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Fiat TetraFuel Burns What it Wants, When it Wants

I'm starting to feel like the number of gasoline alternatives we've got is getting out of levitra discount hand. Natural gas, ethanol, biodiesel, ULS diesel, hydrogen. Frankly, it's all adding up to a gigantic format war...and while that might be good for the businesses involved, it's not good for the environment.

Which is why I'm excited about Fiat's Seinna TETRAFUEL. This car, marketed specifically at Brazil, can run, pure ethanol, E25, natural gas or gasoline. Of course, you can't store compressed natural gas in the same tank as gasoline, so the Siena Tetrafuel actually has two fuel tanks, just like a conventional hybrid has a gas tank and a battery.

The coolest part, however, is that the car decides which fuel it wants to use. So, for in-city driving, the Siena falls back on the ultra-efficient, low-emissions compressed natural gas (CNG). But, if it discovers that you need some extra torque for highway travel, the car's computer seamlessly transfers you over to levitra en gel gasoline or ethanol to provide the needed boost.

In this way, it is very much a hybrid car, but instead of being a hybrid electric, it's a hybrid CNG. They're selling well in Brazil, which has a strong ethanol and natural gas infrastructure. As new fuels are added to our bag of gasoline-avoiding tricks, I think we can expect to see Fiat's system for seamless fuel switching start to be copied. Though we should also expect that it will add a bit to the price of the car.

Via Good Clean Tech
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Comments (10)Add Comment
written by crash course, September 04, 2007
Such a great idea, wrapped in such a terrible looking design! What are Fiat thinking...
written by Matt, September 04, 2007
It's typical sedan ugly. Tolerable if you are going for economy, but not for someone who truly wants to look good in their car. It's a lot better then the electrical cars, as even the people that care about the environment don't want to only here buy canada in cialis be seen in. The FIAT has an everyday "meh" kinda look, while electric cars have an out of this world, futuristic, modern art kinda ugly.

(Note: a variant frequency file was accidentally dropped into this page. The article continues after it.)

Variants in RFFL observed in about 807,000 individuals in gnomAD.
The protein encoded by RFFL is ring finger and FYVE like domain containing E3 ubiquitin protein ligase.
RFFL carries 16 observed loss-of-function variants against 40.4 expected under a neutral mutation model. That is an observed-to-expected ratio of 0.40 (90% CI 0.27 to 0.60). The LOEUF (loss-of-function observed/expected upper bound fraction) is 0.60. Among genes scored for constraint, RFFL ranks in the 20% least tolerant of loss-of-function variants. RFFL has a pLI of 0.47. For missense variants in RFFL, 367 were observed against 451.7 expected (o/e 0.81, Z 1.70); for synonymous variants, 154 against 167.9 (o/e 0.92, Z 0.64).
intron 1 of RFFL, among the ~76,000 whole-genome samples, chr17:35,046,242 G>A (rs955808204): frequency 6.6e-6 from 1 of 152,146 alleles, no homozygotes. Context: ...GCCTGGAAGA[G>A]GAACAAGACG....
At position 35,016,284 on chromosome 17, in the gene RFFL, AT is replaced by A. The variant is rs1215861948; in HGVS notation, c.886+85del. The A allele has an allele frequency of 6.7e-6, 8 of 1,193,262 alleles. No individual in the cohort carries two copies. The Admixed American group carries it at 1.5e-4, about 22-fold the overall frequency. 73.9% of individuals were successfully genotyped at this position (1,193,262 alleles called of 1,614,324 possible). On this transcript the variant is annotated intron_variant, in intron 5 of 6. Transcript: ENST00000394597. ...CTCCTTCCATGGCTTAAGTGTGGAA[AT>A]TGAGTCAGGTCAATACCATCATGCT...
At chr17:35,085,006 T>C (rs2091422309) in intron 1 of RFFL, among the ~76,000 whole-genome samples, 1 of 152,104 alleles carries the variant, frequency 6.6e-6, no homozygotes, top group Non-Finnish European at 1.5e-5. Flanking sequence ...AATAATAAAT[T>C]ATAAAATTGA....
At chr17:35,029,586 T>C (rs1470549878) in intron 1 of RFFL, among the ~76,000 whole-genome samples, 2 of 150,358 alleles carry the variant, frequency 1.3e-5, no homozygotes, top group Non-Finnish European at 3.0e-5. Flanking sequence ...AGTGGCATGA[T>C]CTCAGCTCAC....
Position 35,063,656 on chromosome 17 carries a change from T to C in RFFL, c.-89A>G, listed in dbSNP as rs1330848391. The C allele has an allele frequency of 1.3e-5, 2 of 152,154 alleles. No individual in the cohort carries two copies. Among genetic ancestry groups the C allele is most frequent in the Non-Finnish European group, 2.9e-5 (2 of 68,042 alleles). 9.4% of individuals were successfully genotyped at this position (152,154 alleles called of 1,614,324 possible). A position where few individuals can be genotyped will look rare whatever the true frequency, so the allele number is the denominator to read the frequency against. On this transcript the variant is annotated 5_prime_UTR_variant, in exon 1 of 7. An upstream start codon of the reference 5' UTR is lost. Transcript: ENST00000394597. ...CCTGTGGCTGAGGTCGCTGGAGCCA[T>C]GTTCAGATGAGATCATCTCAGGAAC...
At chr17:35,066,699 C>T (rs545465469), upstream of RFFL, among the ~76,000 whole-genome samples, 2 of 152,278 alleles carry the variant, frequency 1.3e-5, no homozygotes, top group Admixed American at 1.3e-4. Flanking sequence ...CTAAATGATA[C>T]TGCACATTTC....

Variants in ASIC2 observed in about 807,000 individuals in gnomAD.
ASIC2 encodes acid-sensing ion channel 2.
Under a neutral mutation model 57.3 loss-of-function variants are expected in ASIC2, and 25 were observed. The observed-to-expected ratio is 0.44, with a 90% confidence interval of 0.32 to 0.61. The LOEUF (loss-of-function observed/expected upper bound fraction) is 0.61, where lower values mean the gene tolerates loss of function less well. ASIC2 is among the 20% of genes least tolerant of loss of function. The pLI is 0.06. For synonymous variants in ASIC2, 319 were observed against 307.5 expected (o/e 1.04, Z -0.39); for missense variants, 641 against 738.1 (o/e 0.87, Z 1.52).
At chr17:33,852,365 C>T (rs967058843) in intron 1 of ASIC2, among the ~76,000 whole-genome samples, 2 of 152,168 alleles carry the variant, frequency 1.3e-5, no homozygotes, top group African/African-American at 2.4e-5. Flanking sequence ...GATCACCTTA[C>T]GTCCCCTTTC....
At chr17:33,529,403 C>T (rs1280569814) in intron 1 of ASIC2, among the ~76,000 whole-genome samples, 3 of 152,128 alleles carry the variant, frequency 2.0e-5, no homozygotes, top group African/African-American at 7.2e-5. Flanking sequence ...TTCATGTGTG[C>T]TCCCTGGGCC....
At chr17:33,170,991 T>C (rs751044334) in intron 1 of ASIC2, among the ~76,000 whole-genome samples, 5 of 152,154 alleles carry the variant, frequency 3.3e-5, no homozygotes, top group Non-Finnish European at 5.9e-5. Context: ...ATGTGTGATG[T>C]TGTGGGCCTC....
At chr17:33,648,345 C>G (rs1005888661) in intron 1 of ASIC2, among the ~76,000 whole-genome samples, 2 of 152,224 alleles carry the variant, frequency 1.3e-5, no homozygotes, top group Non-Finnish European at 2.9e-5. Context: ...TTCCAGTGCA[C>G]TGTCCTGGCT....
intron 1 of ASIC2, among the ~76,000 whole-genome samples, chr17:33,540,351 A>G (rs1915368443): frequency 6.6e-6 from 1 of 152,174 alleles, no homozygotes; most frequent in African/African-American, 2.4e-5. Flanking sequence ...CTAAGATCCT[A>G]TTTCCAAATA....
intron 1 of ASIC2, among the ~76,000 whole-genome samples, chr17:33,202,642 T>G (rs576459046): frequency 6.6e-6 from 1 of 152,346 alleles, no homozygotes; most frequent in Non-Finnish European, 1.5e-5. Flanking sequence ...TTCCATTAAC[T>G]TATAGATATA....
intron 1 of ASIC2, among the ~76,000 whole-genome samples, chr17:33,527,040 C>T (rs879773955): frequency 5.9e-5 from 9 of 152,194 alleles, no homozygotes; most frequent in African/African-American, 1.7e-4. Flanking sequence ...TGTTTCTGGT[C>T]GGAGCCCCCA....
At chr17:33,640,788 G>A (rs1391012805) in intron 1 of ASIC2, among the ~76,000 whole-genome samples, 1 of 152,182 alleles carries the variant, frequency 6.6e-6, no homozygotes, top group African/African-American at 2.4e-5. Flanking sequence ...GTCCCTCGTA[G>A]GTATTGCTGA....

I don't understand..
written by Hun Boon, September 04, 2007
Why would you say that having plenty of fuel options is bad for the environment?
written by weee, September 04, 2007
I think there should be more research on the effects of some of these petrol alternatives - I'm not sure they're as green as people think.
written by wxwax, September 04, 2007
I guess the no rx tramadol appeal of buy generic ultram no prescription natural gas is that it emits 30% fewer carbon emissions per unit of energy than does oil. Still, I do scratch my head over using a carbon-based fuel as a replacement for a carbon-based fuel.
FIAT working hard for CO2 emission reduc
written by Desmoteo, September 05, 2007
The Siena doesn't look so good, but you should remind that its markets are emerging countries, where VW for example was able to sell old beetle as long as 5 years ago.

Another interesting and brand new technology of FIAT which will reach mass production in 2008-2009 is MULTIAIR (UNIAIR on Diesels engines).
FIAT will show a Panda based MULTIAIR (900 cc turbo 2-cylinders 80 bhp) Concept in Frankfurt this September, which is only for you viagra canada able to work both on discount levitra online gasoline and CNG (70% methane, 30% hydrogen).

CO2 emissions are as low as 69 g/km, quite impressive if compared to 104 g/km reached by hybrid Toyota Prius.

Here an article containing the press release:
ethanol worse than gasoline!
written by weee, September 05, 2007
written by dxm, September 06, 2007
I don't think it looks THAT bad..
From Brazil
written by Nilson, September 13, 2007
I'm Brazilian and we own a Fiat Siena (the proper spelling) in my household. Ours isn't tetrafuel, though, it only runs on gasoline or ethanol.

Around here we actually think it looks good.

Our car market is completely wicked for some reason (probably excessive taxes) and cars like a Honda Civic or Toyota Corolla are considered luxury cars.

It's not that we can't afford a US$15,000 car. It's just that for some stupid reason, a Fiat Siena costs that much around here. Corolla's are sold for US$27,000 (and they're locally produced, using cheaper Brazilian labor - go figure).

Most cars sold nowadays are can be run using either ethanol or gasoline. This happens because ethanol produced from sugar cane is cheaper than gasoline - not because we care for our environments.
Not only CNG...
written by Raphael, November 05, 2008
CNG-cars can also run bio-gas. It doesn't have to be natural gas (carbon based). The effective component is methan gas. Bio-gas is all natural, it comes from the cows and the kettles. :) Or from food waste and garbage from humans. Very environmental friendly.

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